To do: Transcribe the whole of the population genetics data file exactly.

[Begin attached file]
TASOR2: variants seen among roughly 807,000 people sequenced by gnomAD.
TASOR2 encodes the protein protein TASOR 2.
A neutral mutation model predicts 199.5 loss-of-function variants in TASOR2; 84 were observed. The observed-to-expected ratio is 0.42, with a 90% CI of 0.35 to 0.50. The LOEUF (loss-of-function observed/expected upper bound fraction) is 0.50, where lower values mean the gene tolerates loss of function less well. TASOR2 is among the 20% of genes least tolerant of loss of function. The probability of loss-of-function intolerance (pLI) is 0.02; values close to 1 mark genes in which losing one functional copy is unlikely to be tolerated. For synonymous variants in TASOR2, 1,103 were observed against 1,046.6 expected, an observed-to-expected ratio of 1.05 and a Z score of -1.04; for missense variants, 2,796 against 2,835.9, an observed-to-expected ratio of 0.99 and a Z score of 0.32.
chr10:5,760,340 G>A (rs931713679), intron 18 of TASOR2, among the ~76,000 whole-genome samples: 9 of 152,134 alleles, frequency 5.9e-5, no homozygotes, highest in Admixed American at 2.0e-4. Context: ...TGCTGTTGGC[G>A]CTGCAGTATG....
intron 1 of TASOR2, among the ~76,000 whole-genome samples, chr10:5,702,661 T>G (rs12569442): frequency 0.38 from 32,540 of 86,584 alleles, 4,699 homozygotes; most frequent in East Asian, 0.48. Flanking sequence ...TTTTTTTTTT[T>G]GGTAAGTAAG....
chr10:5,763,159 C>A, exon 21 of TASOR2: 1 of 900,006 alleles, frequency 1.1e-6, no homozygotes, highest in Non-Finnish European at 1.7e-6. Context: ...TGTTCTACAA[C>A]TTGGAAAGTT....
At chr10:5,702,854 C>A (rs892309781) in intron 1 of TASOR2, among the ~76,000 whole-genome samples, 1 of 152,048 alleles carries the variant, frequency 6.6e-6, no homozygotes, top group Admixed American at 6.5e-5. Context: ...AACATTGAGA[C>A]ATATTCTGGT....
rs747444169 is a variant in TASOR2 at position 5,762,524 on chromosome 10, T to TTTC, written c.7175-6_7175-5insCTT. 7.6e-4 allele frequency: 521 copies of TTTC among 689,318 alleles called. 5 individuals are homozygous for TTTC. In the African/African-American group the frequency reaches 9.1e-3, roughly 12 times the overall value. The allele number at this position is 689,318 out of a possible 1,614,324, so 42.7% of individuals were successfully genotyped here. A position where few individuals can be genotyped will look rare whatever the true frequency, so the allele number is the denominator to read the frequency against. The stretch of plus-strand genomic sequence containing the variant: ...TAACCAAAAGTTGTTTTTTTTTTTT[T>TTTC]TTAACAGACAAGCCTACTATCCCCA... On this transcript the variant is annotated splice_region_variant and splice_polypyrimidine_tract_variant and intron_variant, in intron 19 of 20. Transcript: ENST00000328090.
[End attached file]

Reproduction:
TASOR2: variants seen among roughly 807,000 people sequenced by gnomAD.
TASOR2 encodes the protein protein TASOR 2.
A neutral mutation model predicts 199.5 loss-of-function variants in TASOR2; 84 were observed. The observed-to-expected ratio is 0.42, with a 90% CI of 0.35 to 0.50. The LOEUF (loss-of-function observed/expected upper bound fraction) is 0.50, where lower values mean the gene tolerates loss of function less well. TASOR2 is among the 20% of genes least tolerant of loss of function. The probability of loss-of-function intolerance (pLI) is 0.02; values close to 1 mark genes in which losing one functional copy is unlikely to be tolerated. For synonymous variants in TASOR2, 1,103 were observed against 1,046.6 expected, an observed-to-expected ratio of 1.05 and a Z score of -1.04; for missense variants, 2,796 against 2,835.9, an observed-to-expected ratio of 0.99 and a Z score of 0.32.
chr10:5,760,340 G>A (rs931713679), intron 18 of TASOR2, among the ~76,000 whole-genome samples: 9 of 152,134 alleles, frequency 5.9e-5, no homozygotes, highest in Admixed American at 2.0e-4. Context: ...TGCTGTTGGC[G>A]CTGCAGTATG....
intron 1 of TASOR2, among the ~76,000 whole-genome samples, chr10:5,702,661 T>G (rs12569442): frequency 0.38 from 32,540 of 86,584 alleles, 4,699 homozygotes; most frequent in East Asian, 0.48. Flanking sequence ...TTTTTTTTTT[T>G]GGTAAGTAAG....
chr10:5,763,159 C>A, exon 21 of TASOR2: 1 of 900,006 alleles, frequency 1.1e-6, no homozygotes, highest in Non-Finnish European at 1.7e-6. Context: ...TGTTCTACAA[C>A]TTGGAAAGTT....
At chr10:5,702,854 C>A (rs892309781) in intron 1 of TASOR2, among the ~76,000 whole-genome samples, 1 of 152,048 alleles carries the variant, frequency 6.6e-6, no homozygotes, top group Admixed American at 6.5e-5. Context: ...AACATTGAGA[C>A]ATATTCTGGT....
rs747444169 is a variant in TASOR2 at position 5,762,524 on chromosome 10, T to TTTC, written c.7175-6_7175-5insCTT. 7.6e-4 allele frequency: 521 copies of TTTC among 689,318 alleles called. 5 individuals are homozygous for TTTC. In the African/African-American group the frequency reaches 9.1e-3, roughly 12 times the overall value. The allele number at this position is 689,318 out of a possible 1,614,324, so 42.7% of individuals were successfully genotyped here. A position where few individuals can be genotyped will look rare whatever the true frequency, so the allele number is the denominator to read the frequency against. The stretch of plus-strand genomic sequence containing the variant: ...TAACCAAAAGTTGTTTTTTTTTTTT[T>TTTC]TTAACAGACAAGCCTACTATCCCCA... On this transcript the variant is annotated splice_region_variant and splice_polypyrimidine_tract_variant and intron_variant, in intron 19 of 20. Transcript: ENST00000328090.